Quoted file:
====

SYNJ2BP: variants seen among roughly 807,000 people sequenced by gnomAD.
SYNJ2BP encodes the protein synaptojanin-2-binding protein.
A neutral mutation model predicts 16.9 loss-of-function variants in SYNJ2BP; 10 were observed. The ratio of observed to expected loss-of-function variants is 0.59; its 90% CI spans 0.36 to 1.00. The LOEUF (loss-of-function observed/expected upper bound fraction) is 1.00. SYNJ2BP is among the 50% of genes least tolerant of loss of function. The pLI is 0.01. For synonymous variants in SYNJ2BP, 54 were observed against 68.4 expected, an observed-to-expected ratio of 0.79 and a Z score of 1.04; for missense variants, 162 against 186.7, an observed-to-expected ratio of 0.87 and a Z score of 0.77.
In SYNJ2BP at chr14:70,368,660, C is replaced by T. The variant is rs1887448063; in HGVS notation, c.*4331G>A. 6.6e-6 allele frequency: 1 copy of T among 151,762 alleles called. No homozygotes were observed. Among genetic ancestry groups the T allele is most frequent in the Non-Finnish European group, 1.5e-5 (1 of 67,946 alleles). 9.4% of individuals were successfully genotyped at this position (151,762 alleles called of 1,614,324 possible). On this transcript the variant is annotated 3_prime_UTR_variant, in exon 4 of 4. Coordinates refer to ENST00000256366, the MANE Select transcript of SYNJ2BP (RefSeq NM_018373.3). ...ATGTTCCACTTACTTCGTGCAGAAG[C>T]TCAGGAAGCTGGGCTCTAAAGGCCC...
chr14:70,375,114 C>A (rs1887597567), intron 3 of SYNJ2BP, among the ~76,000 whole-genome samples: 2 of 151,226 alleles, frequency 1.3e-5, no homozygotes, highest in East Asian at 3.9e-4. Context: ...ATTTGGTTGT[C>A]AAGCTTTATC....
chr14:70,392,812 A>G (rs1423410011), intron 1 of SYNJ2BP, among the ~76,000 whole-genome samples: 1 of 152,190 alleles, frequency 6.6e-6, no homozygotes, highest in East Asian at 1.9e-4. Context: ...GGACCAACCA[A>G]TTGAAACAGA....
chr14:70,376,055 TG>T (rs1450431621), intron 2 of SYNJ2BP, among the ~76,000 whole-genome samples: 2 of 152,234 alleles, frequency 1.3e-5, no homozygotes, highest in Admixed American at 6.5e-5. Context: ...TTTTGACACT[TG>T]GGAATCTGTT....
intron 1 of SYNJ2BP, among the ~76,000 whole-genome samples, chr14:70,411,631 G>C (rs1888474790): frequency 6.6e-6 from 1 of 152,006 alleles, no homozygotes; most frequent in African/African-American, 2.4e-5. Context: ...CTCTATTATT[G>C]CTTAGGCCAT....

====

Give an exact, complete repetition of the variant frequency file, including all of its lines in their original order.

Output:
SYNJ2BP: variants seen among roughly 807,000 people sequenced by gnomAD.
SYNJ2BP encodes the protein synaptojanin-2-binding protein.
A neutral mutation model predicts 16.9 loss-of-function variants in SYNJ2BP; 10 were observed. The ratio of observed to expected loss-of-function variants is 0.59; its 90% CI spans 0.36 to 1.00. The LOEUF (loss-of-function observed/expected upper bound fraction) is 1.00. SYNJ2BP is among the 50% of genes least tolerant of loss of function. The pLI is 0.01. For synonymous variants in SYNJ2BP, 54 were observed against 68.4 expected, an observed-to-expected ratio of 0.79 and a Z score of 1.04; for missense variants, 162 against 186.7, an observed-to-expected ratio of 0.87 and a Z score of 0.77.
In SYNJ2BP at chr14:70,368,660, C is replaced by T. The variant is rs1887448063; in HGVS notation, c.*4331G>A. 6.6e-6 allele frequency: 1 copy of T among 151,762 alleles called. No homozygotes were observed. Among genetic ancestry groups the T allele is most frequent in the Non-Finnish European group, 1.5e-5 (1 of 67,946 alleles). 9.4% of individuals were successfully genotyped at this position (151,762 alleles called of 1,614,324 possible). On this transcript the variant is annotated 3_prime_UTR_variant, in exon 4 of 4. Coordinates refer to ENST00000256366, the MANE Select transcript of SYNJ2BP (RefSeq NM_018373.3). ...ATGTTCCACTTACTTCGTGCAGAAG[C>T]TCAGGAAGCTGGGCTCTAAAGGCCC...
chr14:70,375,114 C>A (rs1887597567), intron 3 of SYNJ2BP, among the ~76,000 whole-genome samples: 2 of 151,226 alleles, frequency 1.3e-5, no homozygotes, highest in East Asian at 3.9e-4. Context: ...ATTTGGTTGT[C>A]AAGCTTTATC....
chr14:70,392,812 A>G (rs1423410011), intron 1 of SYNJ2BP, among the ~76,000 whole-genome samples: 1 of 152,190 alleles, frequency 6.6e-6, no homozygotes, highest in East Asian at 1.9e-4. Context: ...GGACCAACCA[A>G]TTGAAACAGA....
chr14:70,376,055 TG>T (rs1450431621), intron 2 of SYNJ2BP, among the ~76,000 whole-genome samples: 2 of 152,234 alleles, frequency 1.3e-5, no homozygotes, highest in Admixed American at 6.5e-5. Context: ...TTTTGACACT[TG>T]GGAATCTGTT....
intron 1 of SYNJ2BP, among the ~76,000 whole-genome samples, chr14:70,411,631 G>C (rs1888474790): frequency 6.6e-6 from 1 of 152,006 alleles, no homozygotes; most frequent in African/African-American, 2.4e-5. Context: ...CTCTATTATT[G>C]CTTAGGCCAT....